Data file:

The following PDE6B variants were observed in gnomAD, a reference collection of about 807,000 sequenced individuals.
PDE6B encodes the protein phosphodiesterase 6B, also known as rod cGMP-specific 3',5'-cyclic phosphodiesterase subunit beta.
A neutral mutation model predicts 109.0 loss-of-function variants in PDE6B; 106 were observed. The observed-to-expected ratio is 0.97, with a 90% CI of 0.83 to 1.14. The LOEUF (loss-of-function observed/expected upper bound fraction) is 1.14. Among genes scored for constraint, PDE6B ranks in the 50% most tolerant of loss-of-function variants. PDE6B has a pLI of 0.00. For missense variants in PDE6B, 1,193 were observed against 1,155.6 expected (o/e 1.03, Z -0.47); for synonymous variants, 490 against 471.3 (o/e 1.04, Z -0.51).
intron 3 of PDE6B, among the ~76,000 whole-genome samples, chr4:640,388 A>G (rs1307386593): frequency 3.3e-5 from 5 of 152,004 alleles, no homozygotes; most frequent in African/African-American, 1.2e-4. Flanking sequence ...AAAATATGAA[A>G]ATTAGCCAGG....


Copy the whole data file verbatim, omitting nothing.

The following PDE6B variants were observed in gnomAD, a reference collection of about 807,000 sequenced individuals.
PDE6B encodes the protein phosphodiesterase 6B, also known as rod cGMP-specific 3',5'-cyclic phosphodiesterase subunit beta.
A neutral mutation model predicts 109.0 loss-of-function variants in PDE6B; 106 were observed. The observed-to-expected ratio is 0.97, with a 90% CI of 0.83 to 1.14. The LOEUF (loss-of-function observed/expected upper bound fraction) is 1.14. Among genes scored for constraint, PDE6B ranks in the 50% most tolerant of loss-of-function variants. PDE6B has a pLI of 0.00. For missense variants in PDE6B, 1,193 were observed against 1,155.6 expected (o/e 1.03, Z -0.47); for synonymous variants, 490 against 471.3 (o/e 1.04, Z -0.51).
intron 3 of PDE6B, among the ~76,000 whole-genome samples, chr4:640,388 A>G (rs1307386593): frequency 3.3e-5 from 5 of 152,004 alleles, no homozygotes; most frequent in African/African-American, 1.2e-4. Flanking sequence ...AAAATATGAA[A>G]ATTAGCCAGG....